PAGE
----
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Thread: C5 injury, 3 weeks out

  1. #1

    C5 injury, 3 weeks out


    I guess I am just looking for support and hope. My daughters longtime boyfriend suffered a c5 injury 3 weeks ago, and we are on the rollercoaster I guess everyone experiences after this type of injury. At first, he had no feeling at all in his hands or below the waist. In the last couple of days, he is able to feel touch on his legs, and he says he feels like there is glass in his hands. Hopefully that means some sensation is returning, but I don't know if that is a good sign. He has been accepted into Frazier in Louisville, but cannot be transferred at this time because he keeps running a temp anywhere from 101 - 103. He was breathing fine on his own for two weeks, but last weekend his oxygen level dropped and they put him on a ventilator and have now put in a trach. I guess I am just looking to hear from others that have been in this situation as to what are good signs, and what really doesn't mean much . I appreciate any response to lift our spirits. Thanks!

  2. #2
    welcome , it's a rollercoaster ride all the way. only time will tell as far as recovery. give him support and keep his spirits up. Beth always has the right words.
    oh well

  3. #3
    Does he have biceps and deltoids? Wrist extension? Triceps? Does he have sensation at his anus?

    Where is he now? Are they experienced in vent weaning for persons with SCI? There is some good information on how to do this properly in the clinical practice guideline on respiratory management in SCI. You can download that for from from the CPG links at the top of the Care forum.

    Does he have pneumonia? Do the staff know how to do quad (assisted) coughing and is this being done regularly in addition to chest PT and use of the Vest and Cough-Assist machines?

    Is it definite he is going to Frazier? Have they considered a Model SCI System Center such as Shephard in Atlanta or RIC in Chicago?

    Does he have a decent health insurance? How old is he?

    Is he on a specialty mattress to help prevent pressure ulcers? Getting turned religiously at least every 2 hours? Skin inspection at least every 8 hours? Is someone from the family doing this with the nurses? Pressure ulcers will hold him back much more than this lungs.

    Please ask questions, get this boy's family on-line here too. We can help.


  4. #4
    Thanks for replying so quickly. He is 21 years old, no insurance. He is being turned every two hours, or more often if he requests it. He has developed a pressure ulcer that did have staph set up, but they say it is looking much better. He can move his arms and sit up, but no hands as of yet. We just hope that Frazier is an excellent facility; the website looks promising. They offer locomotor training and I hope that will be a tool he can use.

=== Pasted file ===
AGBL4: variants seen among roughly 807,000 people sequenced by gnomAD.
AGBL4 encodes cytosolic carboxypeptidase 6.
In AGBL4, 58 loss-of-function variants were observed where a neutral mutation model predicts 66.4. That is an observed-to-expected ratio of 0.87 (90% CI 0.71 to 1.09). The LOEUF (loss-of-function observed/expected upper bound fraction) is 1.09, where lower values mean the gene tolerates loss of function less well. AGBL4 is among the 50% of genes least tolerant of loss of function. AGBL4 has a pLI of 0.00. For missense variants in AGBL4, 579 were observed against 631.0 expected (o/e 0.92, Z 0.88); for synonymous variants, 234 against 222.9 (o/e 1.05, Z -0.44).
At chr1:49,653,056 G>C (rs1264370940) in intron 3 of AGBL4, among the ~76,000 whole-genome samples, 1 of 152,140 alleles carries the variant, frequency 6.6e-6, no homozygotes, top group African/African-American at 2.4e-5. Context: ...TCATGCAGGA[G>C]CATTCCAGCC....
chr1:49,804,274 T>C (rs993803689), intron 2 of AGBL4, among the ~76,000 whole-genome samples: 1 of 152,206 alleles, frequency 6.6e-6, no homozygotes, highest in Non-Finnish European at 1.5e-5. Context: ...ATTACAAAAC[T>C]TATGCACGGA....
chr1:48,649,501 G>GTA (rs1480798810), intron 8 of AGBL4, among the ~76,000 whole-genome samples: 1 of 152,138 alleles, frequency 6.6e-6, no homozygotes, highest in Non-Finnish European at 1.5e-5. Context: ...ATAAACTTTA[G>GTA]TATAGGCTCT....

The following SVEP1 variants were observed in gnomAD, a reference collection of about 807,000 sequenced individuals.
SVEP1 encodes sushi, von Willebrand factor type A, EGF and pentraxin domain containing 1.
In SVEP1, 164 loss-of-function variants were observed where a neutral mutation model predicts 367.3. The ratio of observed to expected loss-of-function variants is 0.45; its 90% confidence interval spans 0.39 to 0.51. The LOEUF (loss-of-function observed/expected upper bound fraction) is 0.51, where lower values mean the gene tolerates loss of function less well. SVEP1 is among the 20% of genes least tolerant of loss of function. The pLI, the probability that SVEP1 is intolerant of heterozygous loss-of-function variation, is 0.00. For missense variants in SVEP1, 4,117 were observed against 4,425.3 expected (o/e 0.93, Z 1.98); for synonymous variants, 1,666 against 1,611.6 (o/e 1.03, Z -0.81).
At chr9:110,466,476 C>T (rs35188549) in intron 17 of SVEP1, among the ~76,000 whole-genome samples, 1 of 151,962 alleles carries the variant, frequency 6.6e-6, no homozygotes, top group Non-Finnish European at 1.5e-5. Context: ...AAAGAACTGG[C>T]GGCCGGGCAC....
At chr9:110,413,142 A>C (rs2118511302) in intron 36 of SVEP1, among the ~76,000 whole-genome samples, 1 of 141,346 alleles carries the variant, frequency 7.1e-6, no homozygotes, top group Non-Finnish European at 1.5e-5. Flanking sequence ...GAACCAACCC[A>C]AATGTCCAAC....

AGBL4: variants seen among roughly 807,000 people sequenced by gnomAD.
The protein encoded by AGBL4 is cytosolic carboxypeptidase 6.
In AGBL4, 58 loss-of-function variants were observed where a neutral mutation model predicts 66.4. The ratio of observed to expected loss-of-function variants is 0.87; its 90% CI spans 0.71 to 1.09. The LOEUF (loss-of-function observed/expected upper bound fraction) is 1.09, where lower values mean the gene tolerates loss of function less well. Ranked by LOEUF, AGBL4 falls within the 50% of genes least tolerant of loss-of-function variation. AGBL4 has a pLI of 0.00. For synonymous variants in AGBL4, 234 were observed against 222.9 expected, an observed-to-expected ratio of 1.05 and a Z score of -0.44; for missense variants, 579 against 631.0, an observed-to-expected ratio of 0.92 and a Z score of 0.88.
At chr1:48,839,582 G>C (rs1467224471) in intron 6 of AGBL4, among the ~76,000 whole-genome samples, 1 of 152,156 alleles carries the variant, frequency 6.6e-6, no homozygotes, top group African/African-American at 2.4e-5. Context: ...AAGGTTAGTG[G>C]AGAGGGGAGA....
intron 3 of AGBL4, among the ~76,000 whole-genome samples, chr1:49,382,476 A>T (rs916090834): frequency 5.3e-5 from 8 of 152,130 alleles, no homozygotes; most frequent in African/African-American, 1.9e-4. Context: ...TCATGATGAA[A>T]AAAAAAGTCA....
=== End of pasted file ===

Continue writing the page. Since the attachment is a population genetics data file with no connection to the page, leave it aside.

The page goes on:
5. #5
    Casper, please check your private messages!

  6. #6
    Can he lift his hand over his head? That means he has triceps, which would be awesome.

    I had that finger pain. Got function back in one hand. It is really searingly painful, or was for me.

    Get him in the best rehab possible!

  7. #7
    Update from last night:

    temp still at 101 - 104; doctor says all bloodwork is good, so fever is most likely from the injury, not infection

    he has been put on a percussion bed to help his lungs open up

    Hopefully rehab can get started soon if he can get off the vent and keep his oxygen levels up on his own

  8. #8
    Is his injury complete or incomplete? I am not familiar with the rehab they are sending him to. My fiance was at Shepherd Center in Atlanta- they were WONDERFUL!!! Everyone is right about getting him to a facility such as this and out of the hospital ASAP. The sooner you can, the better off he will be. I strongly believe in an agressive rehab. They had classes for my fiance from about 9 until 4 every day. Pt, OT, treadmill training, wieghts in the gym. Once he started the treadmill training he really progressed very quickly. It has been my experience that hospital PT people are SO busy and really don't have the kind of time to devote to an SCI person. Good luck to your daughter's bf and please keep us posted!

  9. #9
    And just one more suggestion- while you all are there- and if you can- exercise his feet and legs. It will help. My fiance is a doctor, and he asked me to flex and extend his feet and exercise his legs every 30 minutes.

  10. #10
    Percussion alone is not enough. All that does is shake the secretions loose. They still need to be coughed out, which requires the quad cough or Cough Assist machine. Insist upon this. They will do it if they know anything about SCI. The fever is likely due to atalectasis and the pneumonia from retained secretions. If the percussion bed is a SportO2 bed by Hill-Rom, watch out. I have seen very serious pressure ulcers caused by this bed.


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